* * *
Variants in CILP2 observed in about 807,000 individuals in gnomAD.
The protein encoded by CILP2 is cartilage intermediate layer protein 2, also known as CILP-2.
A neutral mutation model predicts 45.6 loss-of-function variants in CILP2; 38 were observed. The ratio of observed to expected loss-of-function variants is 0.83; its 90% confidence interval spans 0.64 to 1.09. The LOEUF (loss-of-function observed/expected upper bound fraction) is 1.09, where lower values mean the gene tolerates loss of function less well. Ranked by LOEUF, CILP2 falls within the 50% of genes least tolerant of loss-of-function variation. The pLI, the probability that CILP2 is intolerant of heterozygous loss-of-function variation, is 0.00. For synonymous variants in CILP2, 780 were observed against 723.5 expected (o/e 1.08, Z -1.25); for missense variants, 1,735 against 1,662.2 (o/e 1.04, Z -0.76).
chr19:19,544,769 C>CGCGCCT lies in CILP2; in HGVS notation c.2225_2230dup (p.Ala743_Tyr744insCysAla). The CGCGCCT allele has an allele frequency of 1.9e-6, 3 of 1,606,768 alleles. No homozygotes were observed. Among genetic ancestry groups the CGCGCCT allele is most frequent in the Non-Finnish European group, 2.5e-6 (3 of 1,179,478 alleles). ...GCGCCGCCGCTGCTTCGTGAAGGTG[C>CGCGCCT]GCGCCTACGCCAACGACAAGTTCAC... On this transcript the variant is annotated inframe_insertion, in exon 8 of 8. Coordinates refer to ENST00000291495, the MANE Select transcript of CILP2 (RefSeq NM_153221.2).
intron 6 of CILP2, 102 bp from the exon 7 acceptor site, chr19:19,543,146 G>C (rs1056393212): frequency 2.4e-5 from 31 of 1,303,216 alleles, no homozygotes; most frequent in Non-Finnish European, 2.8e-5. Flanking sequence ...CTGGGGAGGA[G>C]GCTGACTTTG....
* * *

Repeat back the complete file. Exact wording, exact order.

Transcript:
Variants in CILP2 observed in about 807,000 individuals in gnomAD.
The protein encoded by CILP2 is cartilage intermediate layer protein 2, also known as CILP-2.
A neutral mutation model predicts 45.6 loss-of-function variants in CILP2; 38 were observed. The ratio of observed to expected loss-of-function variants is 0.83; its 90% confidence interval spans 0.64 to 1.09. The LOEUF (loss-of-function observed/expected upper bound fraction) is 1.09, where lower values mean the gene tolerates loss of function less well. Ranked by LOEUF, CILP2 falls within the 50% of genes least tolerant of loss-of-function variation. The pLI, the probability that CILP2 is intolerant of heterozygous loss-of-function variation, is 0.00. For synonymous variants in CILP2, 780 were observed against 723.5 expected (o/e 1.08, Z -1.25); for missense variants, 1,735 against 1,662.2 (o/e 1.04, Z -0.76).
chr19:19,544,769 C>CGCGCCT lies in CILP2; in HGVS notation c.2225_2230dup (p.Ala743_Tyr744insCysAla). The CGCGCCT allele has an allele frequency of 1.9e-6, 3 of 1,606,768 alleles. No homozygotes were observed. Among genetic ancestry groups the CGCGCCT allele is most frequent in the Non-Finnish European group, 2.5e-6 (3 of 1,179,478 alleles). ...GCGCCGCCGCTGCTTCGTGAAGGTG[C>CGCGCCT]GCGCCTACGCCAACGACAAGTTCAC... On this transcript the variant is annotated inframe_insertion, in exon 8 of 8. Coordinates refer to ENST00000291495, the MANE Select transcript of CILP2 (RefSeq NM_153221.2).
intron 6 of CILP2, 102 bp from the exon 7 acceptor site, chr19:19,543,146 G>C (rs1056393212): frequency 2.4e-5 from 31 of 1,303,216 alleles, no homozygotes; most frequent in Non-Finnish European, 2.8e-5. Flanking sequence ...CTGGGGAGGA[G>C]GCTGACTTTG....